To keep or discard, that’s the dilemma in handling data outliers. Should they be removed?

A client recently asked, “Would eliminating these outliers make our forecasts better?”

Instead of giving you a simple “yes” or “no,” let’s break it down so that next time you ask yourself the same question, you’ll know why and how to improve your forecasts.

Is it advisable to eliminate data outliers when forecasting delivery times? What are these outliers, and how significant are they? They don’t quite fit, so should you just ignore them?

Not so fast my friend.

Here is the thing. Those data points, even though they took much longer to complete, are still part of the work. Disregarding them could significantly affect your capability to produce reliable delivery forecasts.

How to Identify Outliers in Your Data

In essence, outliers are data points that stand out significantly from the typical pattern in your dataset.

Detecting them is straightforward when using the Cycle Time Histogram, a visual tool that shows how long it takes to finish tasks in your workflow. On this chart, the horizontal axis represents the cycle time, while the vertical axis displays the number of tasks completed within that same cycle time.

Any task that takes longer to complete than 98% of the others is considered an outlier.

Let’s examine the example below:

Cycle Time Histogram by Nave: Example of how to identify outliers in your data

In this diagram, you can see an item on the far right that took considerably more time to complete than any other task—it was finished in 108 days. This is an outlier.

At Nave, we track cycle times by monitoring the card activities on your board. So, when a work item’s cycle time is 108 days, it means the time between entering and exiting your workflow was 108 days. Essentially, it took 108 days to deliver that specific task.

Here’s another case of an outlier in this dataset:

Cycle Time Histogram by Nave: Example of how to allocate outliers in your data

This work item required 81 days to complete. Although it may not be the most time-consuming one, it is positioned after the 98% percentile, qualifying it as an outlier.

What’s the Best Way to Handle Data Outliers?

What happens if you eliminate outliers from this dataset? Essentially, you shift the distribution of cycle times to the left, leading to a decrease in percentile values.

Deleting outliers might make your numbers look better, but it won’t make your predictions more accurate!

Here’s my point: these outliers actually happened. And if you don’t take action to address the issues behind them, they are likely to happen again.

So, the first step is to understand what these outliers mean. To do that, you need to keep them in your data.

As a quick note, it’s important to remember that removing data points is only advisable when they result from errors, and that’s valid regardless of whether they’re outliers or not.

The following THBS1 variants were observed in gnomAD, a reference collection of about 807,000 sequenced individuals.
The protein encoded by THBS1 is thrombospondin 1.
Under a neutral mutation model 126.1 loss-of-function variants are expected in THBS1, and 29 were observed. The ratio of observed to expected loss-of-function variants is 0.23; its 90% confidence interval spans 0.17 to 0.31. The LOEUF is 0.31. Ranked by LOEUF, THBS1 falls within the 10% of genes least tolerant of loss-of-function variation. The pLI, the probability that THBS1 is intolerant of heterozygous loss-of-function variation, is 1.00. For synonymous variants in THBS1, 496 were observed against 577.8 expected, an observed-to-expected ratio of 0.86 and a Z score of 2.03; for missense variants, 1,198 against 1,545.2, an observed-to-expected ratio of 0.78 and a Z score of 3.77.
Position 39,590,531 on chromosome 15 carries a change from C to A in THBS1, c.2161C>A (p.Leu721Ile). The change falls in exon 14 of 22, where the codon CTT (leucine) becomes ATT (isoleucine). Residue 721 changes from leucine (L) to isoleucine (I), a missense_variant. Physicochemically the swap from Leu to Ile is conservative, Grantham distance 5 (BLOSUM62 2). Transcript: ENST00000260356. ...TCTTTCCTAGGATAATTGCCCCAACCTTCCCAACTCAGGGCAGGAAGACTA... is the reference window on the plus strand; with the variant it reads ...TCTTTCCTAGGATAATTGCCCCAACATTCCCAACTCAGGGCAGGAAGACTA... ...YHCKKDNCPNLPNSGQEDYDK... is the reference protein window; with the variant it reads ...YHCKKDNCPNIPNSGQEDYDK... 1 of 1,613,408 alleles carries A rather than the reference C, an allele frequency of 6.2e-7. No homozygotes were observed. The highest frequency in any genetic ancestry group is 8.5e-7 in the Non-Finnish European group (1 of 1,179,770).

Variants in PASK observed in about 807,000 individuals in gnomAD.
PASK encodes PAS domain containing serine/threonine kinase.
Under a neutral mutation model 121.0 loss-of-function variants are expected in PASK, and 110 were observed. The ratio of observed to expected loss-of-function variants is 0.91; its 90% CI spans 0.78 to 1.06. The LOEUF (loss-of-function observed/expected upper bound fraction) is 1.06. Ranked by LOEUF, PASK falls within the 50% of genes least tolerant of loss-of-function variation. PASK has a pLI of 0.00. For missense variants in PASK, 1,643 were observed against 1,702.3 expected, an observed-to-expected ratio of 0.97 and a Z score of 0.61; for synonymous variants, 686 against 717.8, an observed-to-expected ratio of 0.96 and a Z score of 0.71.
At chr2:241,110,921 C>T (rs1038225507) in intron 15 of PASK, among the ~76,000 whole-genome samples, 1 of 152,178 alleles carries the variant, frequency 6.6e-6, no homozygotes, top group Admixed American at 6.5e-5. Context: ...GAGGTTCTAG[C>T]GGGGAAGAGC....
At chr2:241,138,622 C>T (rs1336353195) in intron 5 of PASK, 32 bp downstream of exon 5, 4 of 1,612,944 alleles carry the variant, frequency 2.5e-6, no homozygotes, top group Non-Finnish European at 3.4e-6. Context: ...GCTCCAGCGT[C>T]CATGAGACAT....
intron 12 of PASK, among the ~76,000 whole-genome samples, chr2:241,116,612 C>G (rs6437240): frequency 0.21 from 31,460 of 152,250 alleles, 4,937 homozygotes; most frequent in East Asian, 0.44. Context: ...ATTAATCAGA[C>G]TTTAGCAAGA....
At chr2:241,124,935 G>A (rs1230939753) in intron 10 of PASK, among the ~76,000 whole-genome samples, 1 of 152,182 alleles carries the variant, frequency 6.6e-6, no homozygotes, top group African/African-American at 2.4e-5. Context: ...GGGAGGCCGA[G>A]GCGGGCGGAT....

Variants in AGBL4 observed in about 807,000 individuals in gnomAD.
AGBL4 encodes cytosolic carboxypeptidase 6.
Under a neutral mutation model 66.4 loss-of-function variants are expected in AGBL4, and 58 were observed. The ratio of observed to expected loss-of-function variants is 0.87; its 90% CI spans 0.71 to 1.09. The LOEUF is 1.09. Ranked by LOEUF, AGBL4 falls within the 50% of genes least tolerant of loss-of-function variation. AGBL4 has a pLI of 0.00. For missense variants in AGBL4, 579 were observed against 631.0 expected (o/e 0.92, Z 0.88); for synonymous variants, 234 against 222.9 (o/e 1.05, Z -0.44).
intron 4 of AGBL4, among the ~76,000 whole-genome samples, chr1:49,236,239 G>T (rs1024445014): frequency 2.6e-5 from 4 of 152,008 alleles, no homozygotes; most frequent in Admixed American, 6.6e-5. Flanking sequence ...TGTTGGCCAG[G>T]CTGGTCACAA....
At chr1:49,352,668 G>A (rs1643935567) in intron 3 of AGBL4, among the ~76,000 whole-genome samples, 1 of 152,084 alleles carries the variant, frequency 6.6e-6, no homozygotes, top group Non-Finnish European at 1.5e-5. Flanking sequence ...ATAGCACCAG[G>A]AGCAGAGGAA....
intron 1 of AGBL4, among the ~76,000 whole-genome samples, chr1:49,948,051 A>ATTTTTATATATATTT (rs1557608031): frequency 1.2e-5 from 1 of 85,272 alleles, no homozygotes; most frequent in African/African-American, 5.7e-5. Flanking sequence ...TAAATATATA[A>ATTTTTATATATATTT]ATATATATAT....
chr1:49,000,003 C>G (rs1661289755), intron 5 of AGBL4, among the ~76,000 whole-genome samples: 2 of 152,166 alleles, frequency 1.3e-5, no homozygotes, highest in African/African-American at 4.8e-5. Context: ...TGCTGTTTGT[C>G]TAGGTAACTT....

Given that your analytics’ outliers are tied to your board activities, even when errors occur, such as cards not being updated on the board, it still reveals an opportunity for improvement.

To be clear, if the data points in your dataset aren’t errors, they should never be removed.

How to Shift the Conversation Altogether

Instead, what you should do is analyze the outliers in your system and take action accordingly, so that you don’t make the same mistakes again.

One piece of advice I can give you, which served me so well in our journey towards sustainable predictability, is to perceive shortcomings as opportunities for improvement.

Behind every failure lies a lesson to be learned. The more you embrace it, the faster you’ll improve your performance.

You need to know what the outliers are. Why did they appear? Ask the question: “What happened that this particular piece of work took an unpredictably long time to be delivered?”.

Each and every outlier should be analyzed from this perspective. Revealing the obstacles that hinder your delivery times and tweaking your management practices accordingly is exactly what will enable you to eliminate the outliers.

To make your forecasts more accurate, focus on making your workflows more predictable.

This means adopting management principles and practices that lead to consistent delivery results. Spoiler alert! An essential part of this journey is incorporating the evaluation and resolution of data outliers.

Here’s your actionable step: Set up a routine for regularly analyzing your Cycle Time Histogram (e.g., monthly, after deliveries, etc). During the analysis, do two things: build up on the cycle time of the previous period and measure cycle time separately for the new cycle. This way you can compare how the improvements you introduced affect your cycle time distribution.

Are you still encountering outliers? If so, do they share the same underlying causes, or are new challenges emerging? How have the trends of your cycle time built since your last analysis? Do you observe improvement?

And if you’re struggling to improve your performance and you’re willing to explore the proven roadmap to building predictable workflows, I’d be thrilled to welcome you to our Sustainable Predictability program.

Eliminating outliers without grasping their underlying causes isn’t a prudent strategy. Regularly analyze each outlier and adjust your management practices to prevent their recurrence.

This approach not only improves forecasting accuracy but also brings you closer to achieving sustainable predictability.

That’s all for today my friend. I’ll catch up with you next week, same time and place, for more managerial insights. Have a productive week ahead!

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